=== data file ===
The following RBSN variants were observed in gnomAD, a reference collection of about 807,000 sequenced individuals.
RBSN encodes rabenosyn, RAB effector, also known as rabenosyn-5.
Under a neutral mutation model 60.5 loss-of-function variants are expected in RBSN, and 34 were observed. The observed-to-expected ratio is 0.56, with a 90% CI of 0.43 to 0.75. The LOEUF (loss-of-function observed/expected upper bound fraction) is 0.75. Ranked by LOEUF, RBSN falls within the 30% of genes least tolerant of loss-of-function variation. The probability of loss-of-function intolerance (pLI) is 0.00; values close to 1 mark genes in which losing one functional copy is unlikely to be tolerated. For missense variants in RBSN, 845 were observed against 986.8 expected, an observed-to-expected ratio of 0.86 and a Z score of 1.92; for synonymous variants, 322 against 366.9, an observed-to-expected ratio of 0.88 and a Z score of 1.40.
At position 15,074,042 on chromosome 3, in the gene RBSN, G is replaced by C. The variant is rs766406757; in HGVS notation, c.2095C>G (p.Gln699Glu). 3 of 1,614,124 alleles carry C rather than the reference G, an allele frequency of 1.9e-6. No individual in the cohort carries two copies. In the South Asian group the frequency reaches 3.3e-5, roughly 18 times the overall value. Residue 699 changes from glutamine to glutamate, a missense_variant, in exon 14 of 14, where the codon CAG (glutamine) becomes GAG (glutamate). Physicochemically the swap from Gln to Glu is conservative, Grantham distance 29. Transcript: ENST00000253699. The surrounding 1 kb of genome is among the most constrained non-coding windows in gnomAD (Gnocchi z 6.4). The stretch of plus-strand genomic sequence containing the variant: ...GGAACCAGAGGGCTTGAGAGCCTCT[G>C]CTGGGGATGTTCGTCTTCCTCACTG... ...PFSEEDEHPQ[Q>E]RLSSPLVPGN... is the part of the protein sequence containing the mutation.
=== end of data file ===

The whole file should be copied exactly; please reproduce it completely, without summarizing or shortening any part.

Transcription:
The following RBSN variants were observed in gnomAD, a reference collection of about 807,000 sequenced individuals.
RBSN encodes rabenosyn, RAB effector, also known as rabenosyn-5.
Under a neutral mutation model 60.5 loss-of-function variants are expected in RBSN, and 34 were observed. The observed-to-expected ratio is 0.56, with a 90% CI of 0.43 to 0.75. The LOEUF (loss-of-function observed/expected upper bound fraction) is 0.75. Ranked by LOEUF, RBSN falls within the 30% of genes least tolerant of loss-of-function variation. The probability of loss-of-function intolerance (pLI) is 0.00; values close to 1 mark genes in which losing one functional copy is unlikely to be tolerated. For missense variants in RBSN, 845 were observed against 986.8 expected, an observed-to-expected ratio of 0.86 and a Z score of 1.92; for synonymous variants, 322 against 366.9, an observed-to-expected ratio of 0.88 and a Z score of 1.40.
At position 15,074,042 on chromosome 3, in the gene RBSN, G is replaced by C. The variant is rs766406757; in HGVS notation, c.2095C>G (p.Gln699Glu). 3 of 1,614,124 alleles carry C rather than the reference G, an allele frequency of 1.9e-6. No individual in the cohort carries two copies. In the South Asian group the frequency reaches 3.3e-5, roughly 18 times the overall value. Residue 699 changes from glutamine to glutamate, a missense_variant, in exon 14 of 14, where the codon CAG (glutamine) becomes GAG (glutamate). Physicochemically the swap from Gln to Glu is conservative, Grantham distance 29. Transcript: ENST00000253699. The surrounding 1 kb of genome is among the most constrained non-coding windows in gnomAD (Gnocchi z 6.4). The stretch of plus-strand genomic sequence containing the variant: ...GGAACCAGAGGGCTTGAGAGCCTCT[G>C]CTGGGGATGTTCGTCTTCCTCACTG... ...PFSEEDEHPQ[Q>E]RLSSPLVPGN... is the part of the protein sequence containing the mutation.